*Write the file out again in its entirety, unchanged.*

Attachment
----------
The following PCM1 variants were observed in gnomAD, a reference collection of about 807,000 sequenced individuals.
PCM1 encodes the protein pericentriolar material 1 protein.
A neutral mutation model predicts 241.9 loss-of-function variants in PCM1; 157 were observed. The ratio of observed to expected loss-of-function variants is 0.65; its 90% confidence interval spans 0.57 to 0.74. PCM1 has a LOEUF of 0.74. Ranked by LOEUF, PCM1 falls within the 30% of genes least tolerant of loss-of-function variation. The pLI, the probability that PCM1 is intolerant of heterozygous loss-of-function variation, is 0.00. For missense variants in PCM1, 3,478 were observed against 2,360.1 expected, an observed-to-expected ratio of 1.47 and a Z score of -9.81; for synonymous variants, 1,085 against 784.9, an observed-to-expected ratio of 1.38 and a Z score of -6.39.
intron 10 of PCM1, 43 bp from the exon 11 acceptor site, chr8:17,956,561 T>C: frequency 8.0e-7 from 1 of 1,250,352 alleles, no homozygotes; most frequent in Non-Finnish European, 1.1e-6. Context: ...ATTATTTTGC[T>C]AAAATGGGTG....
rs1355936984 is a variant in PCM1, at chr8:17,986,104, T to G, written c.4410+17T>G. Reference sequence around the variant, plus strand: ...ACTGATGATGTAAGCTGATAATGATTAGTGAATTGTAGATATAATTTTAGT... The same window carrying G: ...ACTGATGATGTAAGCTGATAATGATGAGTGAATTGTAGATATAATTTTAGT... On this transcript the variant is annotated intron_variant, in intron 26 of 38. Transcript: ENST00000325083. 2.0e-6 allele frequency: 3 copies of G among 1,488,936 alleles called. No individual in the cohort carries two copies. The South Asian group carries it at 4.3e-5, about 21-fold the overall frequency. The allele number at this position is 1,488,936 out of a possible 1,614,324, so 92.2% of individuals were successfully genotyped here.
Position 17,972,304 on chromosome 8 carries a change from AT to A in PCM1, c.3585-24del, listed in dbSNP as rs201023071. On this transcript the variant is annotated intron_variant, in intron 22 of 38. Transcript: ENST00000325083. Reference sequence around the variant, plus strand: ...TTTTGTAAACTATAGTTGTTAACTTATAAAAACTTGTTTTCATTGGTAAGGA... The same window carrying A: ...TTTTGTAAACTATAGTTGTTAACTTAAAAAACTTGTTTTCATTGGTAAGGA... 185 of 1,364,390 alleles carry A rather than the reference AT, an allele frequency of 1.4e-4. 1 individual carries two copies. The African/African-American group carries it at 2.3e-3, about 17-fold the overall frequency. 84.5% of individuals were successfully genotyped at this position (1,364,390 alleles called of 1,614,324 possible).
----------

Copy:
The following PCM1 variants were observed in gnomAD, a reference collection of about 807,000 sequenced individuals.
PCM1 encodes the protein pericentriolar material 1 protein.
A neutral mutation model predicts 241.9 loss-of-function variants in PCM1; 157 were observed. The ratio of observed to expected loss-of-function variants is 0.65; its 90% confidence interval spans 0.57 to 0.74. PCM1 has a LOEUF of 0.74. Ranked by LOEUF, PCM1 falls within the 30% of genes least tolerant of loss-of-function variation. The pLI, the probability that PCM1 is intolerant of heterozygous loss-of-function variation, is 0.00. For missense variants in PCM1, 3,478 were observed against 2,360.1 expected, an observed-to-expected ratio of 1.47 and a Z score of -9.81; for synonymous variants, 1,085 against 784.9, an observed-to-expected ratio of 1.38 and a Z score of -6.39.
intron 10 of PCM1, 43 bp from the exon 11 acceptor site, chr8:17,956,561 T>C: frequency 8.0e-7 from 1 of 1,250,352 alleles, no homozygotes; most frequent in Non-Finnish European, 1.1e-6. Context: ...ATTATTTTGC[T>C]AAAATGGGTG....
rs1355936984 is a variant in PCM1, at chr8:17,986,104, T to G, written c.4410+17T>G. Reference sequence around the variant, plus strand: ...ACTGATGATGTAAGCTGATAATGATTAGTGAATTGTAGATATAATTTTAGT... The same window carrying G: ...ACTGATGATGTAAGCTGATAATGATGAGTGAATTGTAGATATAATTTTAGT... On this transcript the variant is annotated intron_variant, in intron 26 of 38. Transcript: ENST00000325083. 2.0e-6 allele frequency: 3 copies of G among 1,488,936 alleles called. No individual in the cohort carries two copies. The South Asian group carries it at 4.3e-5, about 21-fold the overall frequency. The allele number at this position is 1,488,936 out of a possible 1,614,324, so 92.2% of individuals were successfully genotyped here.
Position 17,972,304 on chromosome 8 carries a change from AT to A in PCM1, c.3585-24del, listed in dbSNP as rs201023071. On this transcript the variant is annotated intron_variant, in intron 22 of 38. Transcript: ENST00000325083. Reference sequence around the variant, plus strand: ...TTTTGTAAACTATAGTTGTTAACTTATAAAAACTTGTTTTCATTGGTAAGGA... The same window carrying A: ...TTTTGTAAACTATAGTTGTTAACTTAAAAAACTTGTTTTCATTGGTAAGGA... 185 of 1,364,390 alleles carry A rather than the reference AT, an allele frequency of 1.4e-4. 1 individual carries two copies. The African/African-American group carries it at 2.3e-3, about 17-fold the overall frequency. 84.5% of individuals were successfully genotyped at this position (1,364,390 alleles called of 1,614,324 possible).